- #1

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**Say you're given x = 3t^2 + 6t - 4.**

If you treat

*x*as an unknown variable and movie it over to the other side, you can use completing the square to solve for

*t*. This eventually gets you: t = 1/3*sqrt(3(x+7)) - 1

Then you differentiate the initial function to obtain the velocity, substitute the calculated time in and thus obtain velocity in terms of displacement. This method ultimately got me v = 2*sqrt(3x+21), which works and is completely fine.

However, when I try the alternative way it doesn't work. If we go back to the beginning and find both velocity and acceleration, we get x = 3t^2 + 6t - 4, v = 6t + 6 and a = 6. To obtain dv/dx, we need to multiple the dv/dt by dt/dx (with the dt on the numerator and denominator canceling out). We know dv/dt, as that's just another way of expressing the acceleration, which is 6. Now this is the part which I think is messing up; I contend that dt/dx would should just be the inverse of dx/dt, which we know to be 6t + 6. This should mean that dt/dx should just equal 1/(6t + 6). Thus, dv/dx = dv/dt * dt/dx = 6*(1/(6t + 6)) = 1/(t+1). To obtain velocity in terms of displacement, we then would need to differentiate dv/dx, which should leave us with v(x) = ln(|t + 1|) + c. At t = 0, we know velocity = 6. Therefore, 6 = ln(|1|) + c, c = 6. v(x) = ln(|t+1|) + 6.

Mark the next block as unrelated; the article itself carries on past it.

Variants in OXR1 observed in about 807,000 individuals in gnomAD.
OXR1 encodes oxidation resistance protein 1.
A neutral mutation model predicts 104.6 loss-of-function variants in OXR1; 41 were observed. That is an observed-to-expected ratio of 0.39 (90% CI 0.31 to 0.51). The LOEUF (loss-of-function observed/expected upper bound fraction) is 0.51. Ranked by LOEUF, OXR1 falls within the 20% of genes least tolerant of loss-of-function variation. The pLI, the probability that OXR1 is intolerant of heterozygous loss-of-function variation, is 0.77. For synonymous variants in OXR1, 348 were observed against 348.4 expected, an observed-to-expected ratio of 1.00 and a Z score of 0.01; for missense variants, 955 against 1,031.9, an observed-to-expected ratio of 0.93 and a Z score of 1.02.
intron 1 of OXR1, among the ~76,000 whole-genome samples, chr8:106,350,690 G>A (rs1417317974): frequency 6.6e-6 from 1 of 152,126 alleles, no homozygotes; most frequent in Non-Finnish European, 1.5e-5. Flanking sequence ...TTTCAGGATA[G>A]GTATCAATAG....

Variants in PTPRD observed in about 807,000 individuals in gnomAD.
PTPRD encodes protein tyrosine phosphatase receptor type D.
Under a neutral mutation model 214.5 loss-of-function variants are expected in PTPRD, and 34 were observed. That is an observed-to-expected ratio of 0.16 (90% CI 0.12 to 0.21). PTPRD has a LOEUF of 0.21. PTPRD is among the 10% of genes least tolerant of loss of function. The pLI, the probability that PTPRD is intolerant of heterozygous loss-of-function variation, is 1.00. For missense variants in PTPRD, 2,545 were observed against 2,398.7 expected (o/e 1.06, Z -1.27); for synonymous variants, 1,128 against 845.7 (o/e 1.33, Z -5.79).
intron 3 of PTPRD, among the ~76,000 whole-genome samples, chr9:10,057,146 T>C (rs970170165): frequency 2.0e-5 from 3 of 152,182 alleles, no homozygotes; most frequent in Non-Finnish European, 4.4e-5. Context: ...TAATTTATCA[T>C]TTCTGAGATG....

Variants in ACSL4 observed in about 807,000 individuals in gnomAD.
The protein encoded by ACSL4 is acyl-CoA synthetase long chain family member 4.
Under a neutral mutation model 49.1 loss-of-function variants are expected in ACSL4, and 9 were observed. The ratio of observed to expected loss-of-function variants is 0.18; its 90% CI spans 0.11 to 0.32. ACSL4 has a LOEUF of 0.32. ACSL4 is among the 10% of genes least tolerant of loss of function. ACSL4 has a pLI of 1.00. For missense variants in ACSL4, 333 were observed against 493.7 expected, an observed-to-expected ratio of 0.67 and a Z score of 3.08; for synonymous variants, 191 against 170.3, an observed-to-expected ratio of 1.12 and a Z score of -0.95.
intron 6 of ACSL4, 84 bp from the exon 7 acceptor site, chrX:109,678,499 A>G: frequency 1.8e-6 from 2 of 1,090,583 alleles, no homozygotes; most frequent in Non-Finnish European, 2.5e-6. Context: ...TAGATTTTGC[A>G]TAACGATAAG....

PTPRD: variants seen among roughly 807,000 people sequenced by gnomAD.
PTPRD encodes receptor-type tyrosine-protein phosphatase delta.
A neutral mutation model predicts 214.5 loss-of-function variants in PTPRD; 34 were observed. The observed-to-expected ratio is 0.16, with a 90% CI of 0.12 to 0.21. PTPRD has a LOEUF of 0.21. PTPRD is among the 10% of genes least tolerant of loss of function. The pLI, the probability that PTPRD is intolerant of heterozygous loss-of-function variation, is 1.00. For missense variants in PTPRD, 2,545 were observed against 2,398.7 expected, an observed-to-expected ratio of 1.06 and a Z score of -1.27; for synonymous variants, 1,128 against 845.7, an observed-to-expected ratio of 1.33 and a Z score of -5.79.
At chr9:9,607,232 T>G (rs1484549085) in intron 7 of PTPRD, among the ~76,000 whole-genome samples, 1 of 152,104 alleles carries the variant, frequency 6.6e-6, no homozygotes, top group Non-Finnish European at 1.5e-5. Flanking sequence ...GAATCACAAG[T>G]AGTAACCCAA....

However, this equation is clearly very different from the one obtained in the first method and doesn't work. Can someone please tell me how to fix the second method?